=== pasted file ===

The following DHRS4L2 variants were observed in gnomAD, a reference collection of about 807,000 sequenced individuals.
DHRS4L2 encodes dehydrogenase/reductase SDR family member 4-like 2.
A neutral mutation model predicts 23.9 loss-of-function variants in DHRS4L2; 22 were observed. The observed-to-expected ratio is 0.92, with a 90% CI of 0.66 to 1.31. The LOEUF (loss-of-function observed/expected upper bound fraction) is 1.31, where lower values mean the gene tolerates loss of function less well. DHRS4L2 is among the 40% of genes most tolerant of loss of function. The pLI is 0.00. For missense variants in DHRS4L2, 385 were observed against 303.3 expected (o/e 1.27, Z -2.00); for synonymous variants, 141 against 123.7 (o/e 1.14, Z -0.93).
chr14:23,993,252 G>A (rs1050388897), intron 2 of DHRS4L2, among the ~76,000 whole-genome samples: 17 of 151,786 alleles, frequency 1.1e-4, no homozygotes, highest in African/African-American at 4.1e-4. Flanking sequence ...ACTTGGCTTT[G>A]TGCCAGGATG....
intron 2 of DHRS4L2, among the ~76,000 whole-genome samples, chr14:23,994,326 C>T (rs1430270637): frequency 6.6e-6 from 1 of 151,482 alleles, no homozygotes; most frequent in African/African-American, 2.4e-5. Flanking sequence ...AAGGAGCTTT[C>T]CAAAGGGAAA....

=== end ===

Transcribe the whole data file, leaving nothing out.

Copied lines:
The following DHRS4L2 variants were observed in gnomAD, a reference collection of about 807,000 sequenced individuals.
DHRS4L2 encodes dehydrogenase/reductase SDR family member 4-like 2.
A neutral mutation model predicts 23.9 loss-of-function variants in DHRS4L2; 22 were observed. The observed-to-expected ratio is 0.92, with a 90% CI of 0.66 to 1.31. The LOEUF (loss-of-function observed/expected upper bound fraction) is 1.31, where lower values mean the gene tolerates loss of function less well. DHRS4L2 is among the 40% of genes most tolerant of loss of function. The pLI is 0.00. For missense variants in DHRS4L2, 385 were observed against 303.3 expected (o/e 1.27, Z -2.00); for synonymous variants, 141 against 123.7 (o/e 1.14, Z -0.93).
chr14:23,993,252 G>A (rs1050388897), intron 2 of DHRS4L2, among the ~76,000 whole-genome samples: 17 of 151,786 alleles, frequency 1.1e-4, no homozygotes, highest in African/African-American at 4.1e-4. Flanking sequence ...ACTTGGCTTT[G>A]TGCCAGGATG....
intron 2 of DHRS4L2, among the ~76,000 whole-genome samples, chr14:23,994,326 C>T (rs1430270637): frequency 6.6e-6 from 1 of 151,482 alleles, no homozygotes; most frequent in African/African-American, 2.4e-5. Flanking sequence ...AAGGAGCTTT[C>T]CAAAGGGAAA....